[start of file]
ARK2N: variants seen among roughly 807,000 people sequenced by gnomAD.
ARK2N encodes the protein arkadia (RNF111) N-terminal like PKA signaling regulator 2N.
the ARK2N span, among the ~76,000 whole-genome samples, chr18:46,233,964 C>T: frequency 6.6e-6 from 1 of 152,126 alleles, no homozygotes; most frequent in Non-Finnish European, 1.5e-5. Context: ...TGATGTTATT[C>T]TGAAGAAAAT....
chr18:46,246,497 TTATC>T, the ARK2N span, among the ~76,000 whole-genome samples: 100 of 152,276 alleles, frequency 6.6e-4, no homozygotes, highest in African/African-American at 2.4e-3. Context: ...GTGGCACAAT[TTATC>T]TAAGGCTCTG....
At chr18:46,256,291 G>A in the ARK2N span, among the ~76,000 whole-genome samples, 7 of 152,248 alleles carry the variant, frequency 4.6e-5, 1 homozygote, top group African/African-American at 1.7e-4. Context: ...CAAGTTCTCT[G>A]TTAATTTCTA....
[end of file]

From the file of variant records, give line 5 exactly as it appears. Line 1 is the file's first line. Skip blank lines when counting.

At chr18:46,256,291 G>A in the ARK2N span, among the ~76,000 whole-genome samples, 7 of 152,248 alleles carry the variant, frequency 4.6e-5, 1 homozygote, top group African/African-American at 1.7e-4. Context: ...CAAGTTCTCT[G>A]TTAATTTCTA....